I've been building and painting models for over 50 years and have to both agree and disagree with some of the comments made in this thread. I really think there are good and bad points to enamel and lacquer paint.

I have over the last few years had three "best paint" awards given to my cars at various shows on the East Coast and all three were painted with Testors spray can enamel. I have just recently (last couple of years) started using Tamiya and Testors Model Master lacquers and have had good success with both of these as well. I really feel both have their good and bad points and it's actually a personal preference.

I have seen Donn's paint jobs at NNL East and have to say his method does really work. However, I have to disagree with Donn and agree with Shucky that the Testors enamel Clears will Yellow over time. I have a Silver and Black '34 Ford Sedan and a Light Blue '29 Ford Roadster Cleared with Testors enamel clear years ago. The '34 is now Champaigne and Black and the'29 is a "yucky Brownish" color I can't really describe. All except the hood on the '29 that I, for some reason, painted the Light Blue but didn't Clearcoat. It's still, after all these years, nice and bright. Just my experience.

I also have to agree that the Testors WHITE nozzles are "junk" for painting bodies. Buy a couple of cans of their flat or military flat paint and use the BLACK nozzles for painting bodies and body parts. When your done drop them into a jar or bottle of enamel or lacquer thinner (depending on which paint you are using) until your next use. I do keep my enamel and lacquer nozzles separate. I use the WHITE nozzles for interiors and chassis.

Some of you may have seen my '32 Ford Victoria I postrd a couple of weeks ago in the Hot Rods Customs and Street Machine section of this forum. That car was Cleared with the Testors lacquer system Clear and I had no trouble polishing it to a great shine after only a few days drying time using my polishing kit.

These are again just some of my thoughts and comments based on my many, many, many (I think I'm going to cry) years of experience. Hope I haven't bored you all.

Barry Fadden

Classic Plastic Model Club

  • Member since
    January 2009
Posted by Lonewolf15 on Thursday, May 20, 2010 9:46 PM

Barry,

           I should have stated this diffrently to avoid confusion ... Testors clear has never yellowed on my models that were shot with the airbrush having been mixed with the cheap laquer thinner . I should have clarified this before . Quite a few of the built cars that you saw at the NNL East were painted 7 plus years ago and cleared with the 2 to 1 ratio . No yellowing what so ever .

           I believe tha diffrence lies with the laquer thinner being just warm enough to allow the clear to " cut " into the painted surface and actually become part of the paint rather than lie on top of the  finished surface as it would if it were being sprayed out of a can if one were using the enamel clear coat. On a diffrent note , I never clear over top of the standard colors , I only use it on my pearls and metallics .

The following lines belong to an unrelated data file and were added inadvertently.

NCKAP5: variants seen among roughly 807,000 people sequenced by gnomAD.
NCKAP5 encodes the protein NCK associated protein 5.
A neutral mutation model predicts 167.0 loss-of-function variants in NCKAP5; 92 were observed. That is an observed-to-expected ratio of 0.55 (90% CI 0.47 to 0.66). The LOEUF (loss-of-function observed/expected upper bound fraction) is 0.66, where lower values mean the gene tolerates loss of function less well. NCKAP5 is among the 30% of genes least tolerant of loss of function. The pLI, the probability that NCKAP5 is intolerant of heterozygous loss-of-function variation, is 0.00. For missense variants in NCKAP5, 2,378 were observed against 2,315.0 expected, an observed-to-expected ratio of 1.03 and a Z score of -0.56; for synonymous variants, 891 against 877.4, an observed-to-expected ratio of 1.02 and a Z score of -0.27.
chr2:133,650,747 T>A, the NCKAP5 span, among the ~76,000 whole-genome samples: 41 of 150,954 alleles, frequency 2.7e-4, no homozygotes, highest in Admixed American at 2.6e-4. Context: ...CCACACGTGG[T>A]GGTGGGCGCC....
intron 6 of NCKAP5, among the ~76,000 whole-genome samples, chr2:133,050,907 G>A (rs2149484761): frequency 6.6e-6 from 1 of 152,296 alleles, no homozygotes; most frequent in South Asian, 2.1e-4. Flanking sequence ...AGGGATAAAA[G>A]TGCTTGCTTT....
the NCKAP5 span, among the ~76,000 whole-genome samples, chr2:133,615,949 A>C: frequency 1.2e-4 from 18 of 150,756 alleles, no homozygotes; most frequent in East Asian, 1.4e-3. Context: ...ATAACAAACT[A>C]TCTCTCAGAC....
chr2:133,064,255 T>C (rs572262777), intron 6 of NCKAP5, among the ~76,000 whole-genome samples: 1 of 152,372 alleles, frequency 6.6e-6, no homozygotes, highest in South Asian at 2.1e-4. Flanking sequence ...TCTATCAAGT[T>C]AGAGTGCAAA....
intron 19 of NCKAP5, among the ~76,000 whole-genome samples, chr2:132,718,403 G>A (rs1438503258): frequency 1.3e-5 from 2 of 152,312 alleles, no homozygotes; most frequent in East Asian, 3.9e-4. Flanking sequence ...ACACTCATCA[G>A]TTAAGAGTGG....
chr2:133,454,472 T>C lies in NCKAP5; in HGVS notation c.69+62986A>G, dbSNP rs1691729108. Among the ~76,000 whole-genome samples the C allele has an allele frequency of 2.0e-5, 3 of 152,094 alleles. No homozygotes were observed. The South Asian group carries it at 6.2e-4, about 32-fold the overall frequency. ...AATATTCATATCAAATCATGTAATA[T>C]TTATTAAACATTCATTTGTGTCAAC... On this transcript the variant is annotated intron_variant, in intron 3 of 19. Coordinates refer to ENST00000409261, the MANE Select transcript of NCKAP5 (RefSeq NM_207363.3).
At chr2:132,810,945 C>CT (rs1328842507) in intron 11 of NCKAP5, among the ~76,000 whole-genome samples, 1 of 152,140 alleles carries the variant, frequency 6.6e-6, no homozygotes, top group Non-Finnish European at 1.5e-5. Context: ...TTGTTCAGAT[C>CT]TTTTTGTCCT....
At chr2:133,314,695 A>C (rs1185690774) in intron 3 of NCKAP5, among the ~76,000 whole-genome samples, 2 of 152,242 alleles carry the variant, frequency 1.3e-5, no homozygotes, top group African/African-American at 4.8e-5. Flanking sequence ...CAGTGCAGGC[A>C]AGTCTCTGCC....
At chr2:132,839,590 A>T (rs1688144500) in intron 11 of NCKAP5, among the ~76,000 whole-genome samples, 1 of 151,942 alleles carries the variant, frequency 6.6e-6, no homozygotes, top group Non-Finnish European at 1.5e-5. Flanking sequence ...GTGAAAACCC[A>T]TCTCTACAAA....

In my opinion ,  for overall quality finishes , the airbrush is the only way to fly . Any individual that can use a spray can most certainly can use an airbrush , you have so much more control as compared to a spray can when it comes to being able to lay down steady , even ,  mist coats.

                                                       Donn Yost

                                            Lone Wolf Custom Painting

Contact me at .... oldmansmodels.com
  • Member since
    May 2010
Posted by phill on Friday, May 21, 2010 12:41 AM

I agree that yes you can get great result from Model Master spray enamels. But that is a hit or miss affair, depending on the color and the nozzle. In fact, I used to save the nozzle of a MM spray can when I chanced upon a particularly good one. I only used the white nozzles, however, as I never can spray flats - I always used an airbrush.

MM gloss color enamels are great for airbrushing. They level out beautifully, much better than the clear.

  • Member since
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  • From: Atlanta GA
Posted by Zoom Zoom on Friday, May 21, 2010 5:34 AM

I have several examples of models clearcoated with Testors Model Master clear enamel cut with lacquer thinner that most definitely yellowed over time. If it did not yellow over time, I'd probably still use it on many of my models. Nowadays I only use it on a very small % of my models, mostly due to the fact that I have a color best matched by enamel paint.

I've witnessed bottles of it that were almost clear when purchased turn much darker yellow over time before the paint was ever used.